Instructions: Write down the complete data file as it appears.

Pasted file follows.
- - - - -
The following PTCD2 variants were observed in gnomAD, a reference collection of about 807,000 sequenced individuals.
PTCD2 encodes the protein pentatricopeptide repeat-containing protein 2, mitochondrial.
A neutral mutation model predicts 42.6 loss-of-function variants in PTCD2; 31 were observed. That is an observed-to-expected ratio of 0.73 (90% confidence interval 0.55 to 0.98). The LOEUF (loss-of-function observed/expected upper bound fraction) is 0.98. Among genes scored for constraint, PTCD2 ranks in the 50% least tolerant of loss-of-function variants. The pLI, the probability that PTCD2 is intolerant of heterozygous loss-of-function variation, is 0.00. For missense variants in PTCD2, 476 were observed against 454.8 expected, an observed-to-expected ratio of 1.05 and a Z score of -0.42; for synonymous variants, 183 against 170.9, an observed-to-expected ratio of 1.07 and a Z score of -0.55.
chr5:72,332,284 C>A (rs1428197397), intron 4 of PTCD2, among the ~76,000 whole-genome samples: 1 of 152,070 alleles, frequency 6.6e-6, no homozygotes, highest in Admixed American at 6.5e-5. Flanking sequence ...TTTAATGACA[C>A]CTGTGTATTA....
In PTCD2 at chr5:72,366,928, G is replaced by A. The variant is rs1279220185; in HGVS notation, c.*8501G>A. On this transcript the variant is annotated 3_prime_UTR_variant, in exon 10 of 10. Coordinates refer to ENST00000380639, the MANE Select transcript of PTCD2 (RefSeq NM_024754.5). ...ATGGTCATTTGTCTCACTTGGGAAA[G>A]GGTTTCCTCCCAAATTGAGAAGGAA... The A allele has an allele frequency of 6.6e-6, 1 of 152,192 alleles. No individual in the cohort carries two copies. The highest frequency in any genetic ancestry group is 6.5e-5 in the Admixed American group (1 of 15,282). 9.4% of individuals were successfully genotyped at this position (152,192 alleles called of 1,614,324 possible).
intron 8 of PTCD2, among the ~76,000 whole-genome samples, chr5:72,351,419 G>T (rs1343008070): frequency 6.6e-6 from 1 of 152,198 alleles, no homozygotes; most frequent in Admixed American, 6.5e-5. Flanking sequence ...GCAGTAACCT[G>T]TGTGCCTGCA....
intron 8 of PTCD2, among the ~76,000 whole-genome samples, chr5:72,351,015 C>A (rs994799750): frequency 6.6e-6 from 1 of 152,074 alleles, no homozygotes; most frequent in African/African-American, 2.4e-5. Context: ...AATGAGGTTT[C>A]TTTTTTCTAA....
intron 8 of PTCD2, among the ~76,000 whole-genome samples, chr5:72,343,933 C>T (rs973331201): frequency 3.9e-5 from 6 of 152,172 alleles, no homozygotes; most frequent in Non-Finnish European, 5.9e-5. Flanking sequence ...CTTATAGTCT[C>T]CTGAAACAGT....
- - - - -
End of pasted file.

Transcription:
The following PTCD2 variants were observed in gnomAD, a reference collection of about 807,000 sequenced individuals.
PTCD2 encodes the protein pentatricopeptide repeat-containing protein 2, mitochondrial.
A neutral mutation model predicts 42.6 loss-of-function variants in PTCD2; 31 were observed. That is an observed-to-expected ratio of 0.73 (90% confidence interval 0.55 to 0.98). The LOEUF (loss-of-function observed/expected upper bound fraction) is 0.98. Among genes scored for constraint, PTCD2 ranks in the 50% least tolerant of loss-of-function variants. The pLI, the probability that PTCD2 is intolerant of heterozygous loss-of-function variation, is 0.00. For missense variants in PTCD2, 476 were observed against 454.8 expected, an observed-to-expected ratio of 1.05 and a Z score of -0.42; for synonymous variants, 183 against 170.9, an observed-to-expected ratio of 1.07 and a Z score of -0.55.
chr5:72,332,284 C>A (rs1428197397), intron 4 of PTCD2, among the ~76,000 whole-genome samples: 1 of 152,070 alleles, frequency 6.6e-6, no homozygotes, highest in Admixed American at 6.5e-5. Flanking sequence ...TTTAATGACA[C>A]CTGTGTATTA....
In PTCD2 at chr5:72,366,928, G is replaced by A. The variant is rs1279220185; in HGVS notation, c.*8501G>A. On this transcript the variant is annotated 3_prime_UTR_variant, in exon 10 of 10. Coordinates refer to ENST00000380639, the MANE Select transcript of PTCD2 (RefSeq NM_024754.5). ...ATGGTCATTTGTCTCACTTGGGAAA[G>A]GGTTTCCTCCCAAATTGAGAAGGAA... The A allele has an allele frequency of 6.6e-6, 1 of 152,192 alleles. No individual in the cohort carries two copies. The highest frequency in any genetic ancestry group is 6.5e-5 in the Admixed American group (1 of 15,282). 9.4% of individuals were successfully genotyped at this position (152,192 alleles called of 1,614,324 possible).
intron 8 of PTCD2, among the ~76,000 whole-genome samples, chr5:72,351,419 G>T (rs1343008070): frequency 6.6e-6 from 1 of 152,198 alleles, no homozygotes; most frequent in Admixed American, 6.5e-5. Flanking sequence ...GCAGTAACCT[G>T]TGTGCCTGCA....
intron 8 of PTCD2, among the ~76,000 whole-genome samples, chr5:72,351,015 C>A (rs994799750): frequency 6.6e-6 from 1 of 152,074 alleles, no homozygotes; most frequent in African/African-American, 2.4e-5. Context: ...AATGAGGTTT[C>A]TTTTTTCTAA....
intron 8 of PTCD2, among the ~76,000 whole-genome samples, chr5:72,343,933 C>T (rs973331201): frequency 3.9e-5 from 6 of 152,172 alleles, no homozygotes; most frequent in Non-Finnish European, 5.9e-5. Flanking sequence ...CTTATAGTCT[C>T]CTGAAACAGT....